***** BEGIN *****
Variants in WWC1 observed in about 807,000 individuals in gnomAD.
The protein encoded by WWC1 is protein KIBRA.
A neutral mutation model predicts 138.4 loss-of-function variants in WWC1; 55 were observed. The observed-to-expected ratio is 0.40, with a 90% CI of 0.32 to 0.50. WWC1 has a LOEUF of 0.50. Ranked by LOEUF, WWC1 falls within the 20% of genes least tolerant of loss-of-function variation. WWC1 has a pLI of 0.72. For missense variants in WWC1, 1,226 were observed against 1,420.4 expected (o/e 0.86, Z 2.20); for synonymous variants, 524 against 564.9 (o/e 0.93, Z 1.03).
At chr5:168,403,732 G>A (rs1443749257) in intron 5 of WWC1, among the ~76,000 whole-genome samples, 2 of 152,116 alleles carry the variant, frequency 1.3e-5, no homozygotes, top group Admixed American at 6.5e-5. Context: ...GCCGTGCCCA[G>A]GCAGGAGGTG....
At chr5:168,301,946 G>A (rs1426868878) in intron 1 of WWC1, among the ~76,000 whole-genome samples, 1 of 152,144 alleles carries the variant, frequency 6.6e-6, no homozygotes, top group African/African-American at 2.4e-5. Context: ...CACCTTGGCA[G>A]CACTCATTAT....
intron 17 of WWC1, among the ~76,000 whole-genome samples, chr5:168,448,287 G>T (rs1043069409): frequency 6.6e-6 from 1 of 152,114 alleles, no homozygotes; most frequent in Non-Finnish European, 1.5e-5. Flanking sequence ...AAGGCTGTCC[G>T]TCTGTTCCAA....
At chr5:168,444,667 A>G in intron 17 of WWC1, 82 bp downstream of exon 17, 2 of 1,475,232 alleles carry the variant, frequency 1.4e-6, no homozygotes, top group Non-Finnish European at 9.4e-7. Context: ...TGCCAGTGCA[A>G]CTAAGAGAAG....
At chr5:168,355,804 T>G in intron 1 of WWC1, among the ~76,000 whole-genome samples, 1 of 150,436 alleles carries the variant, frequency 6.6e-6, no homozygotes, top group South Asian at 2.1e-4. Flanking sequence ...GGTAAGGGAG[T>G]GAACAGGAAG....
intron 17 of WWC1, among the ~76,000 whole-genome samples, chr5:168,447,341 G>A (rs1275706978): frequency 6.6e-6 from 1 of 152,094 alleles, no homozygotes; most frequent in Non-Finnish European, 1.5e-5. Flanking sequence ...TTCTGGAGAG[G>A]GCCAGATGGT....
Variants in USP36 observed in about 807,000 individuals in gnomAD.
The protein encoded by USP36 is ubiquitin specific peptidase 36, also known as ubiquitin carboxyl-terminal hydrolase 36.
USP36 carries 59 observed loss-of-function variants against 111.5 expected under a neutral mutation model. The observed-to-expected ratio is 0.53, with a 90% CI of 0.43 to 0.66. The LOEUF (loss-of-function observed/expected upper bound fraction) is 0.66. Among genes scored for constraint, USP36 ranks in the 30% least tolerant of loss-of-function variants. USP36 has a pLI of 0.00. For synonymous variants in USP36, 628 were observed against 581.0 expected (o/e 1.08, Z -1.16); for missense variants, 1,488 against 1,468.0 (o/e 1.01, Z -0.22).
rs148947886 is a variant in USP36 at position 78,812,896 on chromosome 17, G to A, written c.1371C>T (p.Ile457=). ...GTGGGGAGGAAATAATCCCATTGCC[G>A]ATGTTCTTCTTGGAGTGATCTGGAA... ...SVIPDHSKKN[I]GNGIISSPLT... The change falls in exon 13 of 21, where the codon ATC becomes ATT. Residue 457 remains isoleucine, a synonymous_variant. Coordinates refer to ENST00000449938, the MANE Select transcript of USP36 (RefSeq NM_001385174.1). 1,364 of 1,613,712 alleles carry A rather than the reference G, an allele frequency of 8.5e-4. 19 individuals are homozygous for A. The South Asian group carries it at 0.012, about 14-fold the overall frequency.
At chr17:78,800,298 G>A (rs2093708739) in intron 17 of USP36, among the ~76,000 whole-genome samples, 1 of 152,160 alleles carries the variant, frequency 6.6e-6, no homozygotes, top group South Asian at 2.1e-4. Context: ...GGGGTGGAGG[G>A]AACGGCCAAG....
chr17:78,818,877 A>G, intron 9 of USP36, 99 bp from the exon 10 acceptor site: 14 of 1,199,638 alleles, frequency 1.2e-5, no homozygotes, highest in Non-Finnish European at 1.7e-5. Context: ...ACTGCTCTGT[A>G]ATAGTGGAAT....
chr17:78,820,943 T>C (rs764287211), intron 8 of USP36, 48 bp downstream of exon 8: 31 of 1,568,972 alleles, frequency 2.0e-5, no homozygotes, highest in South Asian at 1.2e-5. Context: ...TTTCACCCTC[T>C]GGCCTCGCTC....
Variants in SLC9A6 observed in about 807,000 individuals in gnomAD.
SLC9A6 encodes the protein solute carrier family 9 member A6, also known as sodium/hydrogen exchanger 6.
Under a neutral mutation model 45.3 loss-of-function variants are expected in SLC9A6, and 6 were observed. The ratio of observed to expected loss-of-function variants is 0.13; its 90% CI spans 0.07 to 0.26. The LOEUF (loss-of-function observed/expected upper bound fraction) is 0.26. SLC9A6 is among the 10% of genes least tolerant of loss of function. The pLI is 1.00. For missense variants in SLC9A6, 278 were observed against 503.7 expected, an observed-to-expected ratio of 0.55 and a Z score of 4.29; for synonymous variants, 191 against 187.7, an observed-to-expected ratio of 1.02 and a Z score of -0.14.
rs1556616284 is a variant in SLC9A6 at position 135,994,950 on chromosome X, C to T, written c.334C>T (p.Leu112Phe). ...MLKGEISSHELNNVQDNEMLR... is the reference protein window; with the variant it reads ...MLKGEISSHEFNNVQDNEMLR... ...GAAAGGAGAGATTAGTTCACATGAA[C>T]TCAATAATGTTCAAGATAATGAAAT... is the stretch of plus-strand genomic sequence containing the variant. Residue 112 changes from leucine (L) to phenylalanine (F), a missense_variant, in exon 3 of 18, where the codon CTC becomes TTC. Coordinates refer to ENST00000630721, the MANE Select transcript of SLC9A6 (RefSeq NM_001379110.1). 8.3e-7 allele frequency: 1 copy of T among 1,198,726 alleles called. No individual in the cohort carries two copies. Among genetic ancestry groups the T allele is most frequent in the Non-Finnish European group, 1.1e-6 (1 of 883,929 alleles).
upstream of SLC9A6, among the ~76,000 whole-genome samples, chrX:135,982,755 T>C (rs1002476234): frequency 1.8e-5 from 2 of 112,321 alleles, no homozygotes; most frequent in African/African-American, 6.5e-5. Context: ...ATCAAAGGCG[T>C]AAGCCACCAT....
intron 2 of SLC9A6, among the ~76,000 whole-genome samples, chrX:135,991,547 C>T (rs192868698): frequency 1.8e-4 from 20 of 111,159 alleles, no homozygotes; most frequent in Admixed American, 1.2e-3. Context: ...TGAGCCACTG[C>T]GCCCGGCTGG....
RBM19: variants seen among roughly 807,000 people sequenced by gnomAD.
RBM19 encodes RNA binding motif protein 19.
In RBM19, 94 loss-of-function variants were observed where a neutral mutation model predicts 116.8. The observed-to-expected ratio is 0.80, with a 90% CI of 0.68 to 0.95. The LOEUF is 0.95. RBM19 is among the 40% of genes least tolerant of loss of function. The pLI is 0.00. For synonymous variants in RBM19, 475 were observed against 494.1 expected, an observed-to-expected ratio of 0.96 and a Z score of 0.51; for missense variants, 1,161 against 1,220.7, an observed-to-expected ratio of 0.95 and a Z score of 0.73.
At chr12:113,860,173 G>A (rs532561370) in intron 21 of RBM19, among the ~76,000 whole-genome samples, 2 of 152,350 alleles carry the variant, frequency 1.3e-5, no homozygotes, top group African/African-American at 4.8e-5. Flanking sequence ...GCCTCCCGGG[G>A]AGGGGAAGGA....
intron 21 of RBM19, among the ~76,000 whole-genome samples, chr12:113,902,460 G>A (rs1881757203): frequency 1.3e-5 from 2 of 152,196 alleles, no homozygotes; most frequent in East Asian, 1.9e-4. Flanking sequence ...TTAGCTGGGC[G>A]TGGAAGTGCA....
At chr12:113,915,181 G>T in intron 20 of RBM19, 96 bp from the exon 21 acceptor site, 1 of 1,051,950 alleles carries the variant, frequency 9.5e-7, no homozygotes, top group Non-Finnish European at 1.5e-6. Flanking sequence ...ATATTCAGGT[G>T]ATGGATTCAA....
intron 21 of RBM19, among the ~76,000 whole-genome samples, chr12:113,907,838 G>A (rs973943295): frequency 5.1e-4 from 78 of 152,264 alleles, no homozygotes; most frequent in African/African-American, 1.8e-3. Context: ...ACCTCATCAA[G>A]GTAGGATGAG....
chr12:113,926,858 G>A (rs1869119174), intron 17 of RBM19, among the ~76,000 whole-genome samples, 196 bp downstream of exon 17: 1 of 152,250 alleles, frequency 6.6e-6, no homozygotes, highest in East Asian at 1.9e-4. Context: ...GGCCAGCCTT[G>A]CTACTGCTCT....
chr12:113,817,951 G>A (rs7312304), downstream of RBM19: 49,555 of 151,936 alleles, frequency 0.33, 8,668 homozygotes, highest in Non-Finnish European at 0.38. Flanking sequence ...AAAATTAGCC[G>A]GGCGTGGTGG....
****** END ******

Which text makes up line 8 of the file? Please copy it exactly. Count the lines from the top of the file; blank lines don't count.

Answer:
At chr5:168,355,804 T>G in intron 1 of WWC1, among the ~76,000 whole-genome samples, 1 of 150,436 alleles carries the variant, frequency 6.6e-6, no homozygotes, top group South Asian at 2.1e-4. Flanking sequence ...GGTAAGGGAG[T>G]GAACAGGAAG....